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[465] crackers and a small slice of pork; two days later a cracker was issued to each soldier. This was all that could be done to give physical strength to the grim veterans that stood behind the breastworks they had hurriedly thrown up to meet Grant's last contention for reaching Richmond from the north side of the James.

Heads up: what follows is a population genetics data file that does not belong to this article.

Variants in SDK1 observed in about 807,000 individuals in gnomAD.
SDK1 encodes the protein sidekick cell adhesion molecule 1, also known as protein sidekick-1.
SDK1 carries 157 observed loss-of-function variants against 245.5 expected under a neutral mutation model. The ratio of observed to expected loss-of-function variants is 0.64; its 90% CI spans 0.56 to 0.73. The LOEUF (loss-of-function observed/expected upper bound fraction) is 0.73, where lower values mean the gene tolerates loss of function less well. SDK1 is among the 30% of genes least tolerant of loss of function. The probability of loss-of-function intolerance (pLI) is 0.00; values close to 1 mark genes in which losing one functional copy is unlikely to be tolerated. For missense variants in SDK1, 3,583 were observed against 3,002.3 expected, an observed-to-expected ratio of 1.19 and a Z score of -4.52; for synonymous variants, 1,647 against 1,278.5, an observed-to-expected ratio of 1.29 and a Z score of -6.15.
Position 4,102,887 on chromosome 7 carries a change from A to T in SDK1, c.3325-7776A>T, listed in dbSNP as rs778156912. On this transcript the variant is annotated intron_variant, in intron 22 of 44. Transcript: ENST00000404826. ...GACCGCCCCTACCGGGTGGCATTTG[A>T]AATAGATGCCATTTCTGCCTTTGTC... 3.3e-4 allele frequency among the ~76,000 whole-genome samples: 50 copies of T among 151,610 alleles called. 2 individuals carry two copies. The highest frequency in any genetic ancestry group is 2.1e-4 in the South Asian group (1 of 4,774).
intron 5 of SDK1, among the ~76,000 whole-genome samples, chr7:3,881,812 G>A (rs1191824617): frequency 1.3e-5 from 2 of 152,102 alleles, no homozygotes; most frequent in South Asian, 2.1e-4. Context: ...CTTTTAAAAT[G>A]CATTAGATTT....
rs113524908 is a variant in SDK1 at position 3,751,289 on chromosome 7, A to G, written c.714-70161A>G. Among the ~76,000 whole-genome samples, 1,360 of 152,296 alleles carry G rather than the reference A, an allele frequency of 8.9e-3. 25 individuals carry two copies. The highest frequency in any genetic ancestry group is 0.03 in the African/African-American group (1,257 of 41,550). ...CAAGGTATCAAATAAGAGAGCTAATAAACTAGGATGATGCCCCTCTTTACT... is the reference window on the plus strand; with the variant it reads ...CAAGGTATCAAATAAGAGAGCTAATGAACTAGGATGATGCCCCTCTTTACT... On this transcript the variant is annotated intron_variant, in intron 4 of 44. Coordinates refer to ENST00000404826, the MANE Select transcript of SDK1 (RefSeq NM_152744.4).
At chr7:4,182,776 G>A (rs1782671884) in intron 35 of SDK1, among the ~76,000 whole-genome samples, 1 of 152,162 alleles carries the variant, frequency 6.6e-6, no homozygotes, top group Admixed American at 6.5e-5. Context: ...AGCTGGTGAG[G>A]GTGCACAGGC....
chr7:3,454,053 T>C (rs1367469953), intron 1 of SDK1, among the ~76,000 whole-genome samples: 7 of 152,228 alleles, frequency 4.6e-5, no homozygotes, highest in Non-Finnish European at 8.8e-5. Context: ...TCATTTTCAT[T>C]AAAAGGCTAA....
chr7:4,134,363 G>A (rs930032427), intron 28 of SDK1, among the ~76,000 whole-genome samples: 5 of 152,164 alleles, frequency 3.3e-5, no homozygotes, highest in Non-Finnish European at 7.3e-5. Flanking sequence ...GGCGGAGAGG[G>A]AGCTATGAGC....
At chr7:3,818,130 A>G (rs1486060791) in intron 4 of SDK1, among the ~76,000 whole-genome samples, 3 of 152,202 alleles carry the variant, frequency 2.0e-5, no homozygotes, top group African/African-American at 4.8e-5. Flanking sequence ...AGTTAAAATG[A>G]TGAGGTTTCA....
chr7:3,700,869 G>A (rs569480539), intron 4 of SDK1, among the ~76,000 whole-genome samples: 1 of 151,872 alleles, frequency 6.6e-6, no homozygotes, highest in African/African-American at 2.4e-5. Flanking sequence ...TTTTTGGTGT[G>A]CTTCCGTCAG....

On the morning of the 1st of June, from near Bethesda church, then in front of Lee's center, Dana wrote to Stanton, that, at about 5 of the previous afternoon, Sheridan drove a force of Fitz Lee's cavalry, supported by Clingman's infantry, after a severe fight, from Cold Harbor, and took possession of the place, which the Sixth corps, at o p. m., set out to occupy, to be followed by a still larger force. He was in ignorance of the fact that Lee was moving a heavy column in the same direction. Later, he wrote that the Sixth corps reached Cold Harbor at 9 a. m. of that day, closely followed by Smith's; that these maneuvered, and at 2 p.m. found that there was no longer any enemy before, them, except a few holding part of the road between Bethesda church and Cold Harbor. Warren, who had been ordered to attack the Confederate column marching toward Cold Harbor, had only opened on it with artillery, and, ‘at 3 p. m., reported that the intrenchments of the enemy were exceedingly strong, and that his own lines were so long that he had no mass of troops to attack with.’ Dana added that Wright had blundered in executing his order to attack Cold Harbor, and Warren had failed to execute his orders, and ‘both Generals Grant and Meade are so intensely disgusted with these failures of Wright and Warren, that a change has been made in the disposition of the corps, which will give us a heavy, movable column, for attack or defense, under a general who obeys orders without excessive reconnoitering;’ and concluded by saying: ‘Sheridan, with Gregg's and Torbert's divisions, has moved around Lee's right flank to attack him in the rear. We are now (6 p. m.) waiting to hear Sheridan's guns. General Grant's present design is to crowd the rebel army south of the Chickahominy, then he means thoroughly to destroy both the railroads, up to the North Anna, before he moves from here; besides, he wishes to keep the enemy so engaged here that he can detach no troops to interfere with the opera. tions of Hunter.’

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